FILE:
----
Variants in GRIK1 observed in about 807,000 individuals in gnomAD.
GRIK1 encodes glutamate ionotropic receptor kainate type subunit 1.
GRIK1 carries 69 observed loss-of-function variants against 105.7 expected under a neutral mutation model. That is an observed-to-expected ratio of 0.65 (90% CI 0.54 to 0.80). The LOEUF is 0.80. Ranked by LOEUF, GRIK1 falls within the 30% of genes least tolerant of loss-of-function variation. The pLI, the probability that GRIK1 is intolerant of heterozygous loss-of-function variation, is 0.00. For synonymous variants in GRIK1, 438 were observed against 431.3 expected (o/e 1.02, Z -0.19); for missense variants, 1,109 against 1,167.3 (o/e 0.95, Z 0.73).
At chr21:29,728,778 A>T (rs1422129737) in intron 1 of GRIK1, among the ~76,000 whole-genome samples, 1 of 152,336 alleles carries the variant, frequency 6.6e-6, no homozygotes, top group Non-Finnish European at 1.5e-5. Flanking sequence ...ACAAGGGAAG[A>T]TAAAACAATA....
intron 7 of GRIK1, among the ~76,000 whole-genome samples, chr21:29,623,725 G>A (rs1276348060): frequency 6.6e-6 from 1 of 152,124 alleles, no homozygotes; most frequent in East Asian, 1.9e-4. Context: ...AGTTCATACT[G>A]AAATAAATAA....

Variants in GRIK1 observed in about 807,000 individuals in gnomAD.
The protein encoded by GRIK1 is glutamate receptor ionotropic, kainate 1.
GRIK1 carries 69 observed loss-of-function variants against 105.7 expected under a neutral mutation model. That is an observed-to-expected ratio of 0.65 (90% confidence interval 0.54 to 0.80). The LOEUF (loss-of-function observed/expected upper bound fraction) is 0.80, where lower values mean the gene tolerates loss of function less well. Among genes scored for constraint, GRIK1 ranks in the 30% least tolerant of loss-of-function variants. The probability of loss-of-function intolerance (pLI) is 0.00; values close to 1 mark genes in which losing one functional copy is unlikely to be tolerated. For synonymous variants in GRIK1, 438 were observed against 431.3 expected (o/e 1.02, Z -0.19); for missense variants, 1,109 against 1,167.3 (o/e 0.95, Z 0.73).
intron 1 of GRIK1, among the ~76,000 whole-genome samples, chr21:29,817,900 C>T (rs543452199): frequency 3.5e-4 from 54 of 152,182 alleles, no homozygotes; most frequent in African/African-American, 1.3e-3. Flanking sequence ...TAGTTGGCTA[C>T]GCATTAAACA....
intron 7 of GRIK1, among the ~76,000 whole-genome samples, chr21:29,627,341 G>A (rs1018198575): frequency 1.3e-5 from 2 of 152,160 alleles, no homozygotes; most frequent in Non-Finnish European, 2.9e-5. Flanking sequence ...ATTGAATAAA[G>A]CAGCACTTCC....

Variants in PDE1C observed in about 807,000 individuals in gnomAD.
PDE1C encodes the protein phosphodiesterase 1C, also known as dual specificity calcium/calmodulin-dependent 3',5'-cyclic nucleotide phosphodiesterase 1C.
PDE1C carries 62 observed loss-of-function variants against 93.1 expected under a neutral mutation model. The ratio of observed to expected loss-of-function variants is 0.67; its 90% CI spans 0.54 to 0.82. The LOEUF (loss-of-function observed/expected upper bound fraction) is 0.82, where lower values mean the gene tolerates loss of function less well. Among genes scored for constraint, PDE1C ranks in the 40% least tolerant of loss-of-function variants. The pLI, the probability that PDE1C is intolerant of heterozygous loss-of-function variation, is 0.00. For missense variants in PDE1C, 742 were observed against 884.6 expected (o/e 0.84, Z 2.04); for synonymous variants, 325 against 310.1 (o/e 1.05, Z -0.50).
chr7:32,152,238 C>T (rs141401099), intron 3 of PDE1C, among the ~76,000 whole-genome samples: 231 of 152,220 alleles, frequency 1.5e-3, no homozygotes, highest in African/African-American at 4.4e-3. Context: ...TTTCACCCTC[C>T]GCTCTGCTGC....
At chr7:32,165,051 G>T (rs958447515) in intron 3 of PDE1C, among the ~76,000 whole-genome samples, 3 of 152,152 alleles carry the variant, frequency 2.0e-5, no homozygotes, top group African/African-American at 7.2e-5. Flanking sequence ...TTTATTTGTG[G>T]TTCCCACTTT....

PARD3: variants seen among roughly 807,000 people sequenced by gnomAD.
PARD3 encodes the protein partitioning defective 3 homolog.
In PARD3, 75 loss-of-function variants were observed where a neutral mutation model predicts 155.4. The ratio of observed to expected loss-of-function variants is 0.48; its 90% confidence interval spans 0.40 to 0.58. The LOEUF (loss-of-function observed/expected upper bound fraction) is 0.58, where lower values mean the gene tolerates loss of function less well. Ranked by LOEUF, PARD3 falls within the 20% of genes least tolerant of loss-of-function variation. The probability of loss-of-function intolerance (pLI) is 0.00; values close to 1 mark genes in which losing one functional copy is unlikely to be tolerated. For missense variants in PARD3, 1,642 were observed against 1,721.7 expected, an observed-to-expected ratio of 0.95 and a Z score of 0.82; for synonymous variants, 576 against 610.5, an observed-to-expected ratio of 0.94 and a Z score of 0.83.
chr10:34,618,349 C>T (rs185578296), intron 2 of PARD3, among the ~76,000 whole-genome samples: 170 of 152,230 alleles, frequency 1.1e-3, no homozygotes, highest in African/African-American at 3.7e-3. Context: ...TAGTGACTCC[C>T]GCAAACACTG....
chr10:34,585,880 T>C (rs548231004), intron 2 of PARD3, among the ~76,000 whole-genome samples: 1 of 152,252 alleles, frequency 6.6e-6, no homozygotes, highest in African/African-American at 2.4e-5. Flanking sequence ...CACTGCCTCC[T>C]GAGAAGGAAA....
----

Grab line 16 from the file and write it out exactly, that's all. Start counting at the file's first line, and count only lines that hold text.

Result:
PARD3: variants seen among roughly 807,000 people sequenced by gnomAD.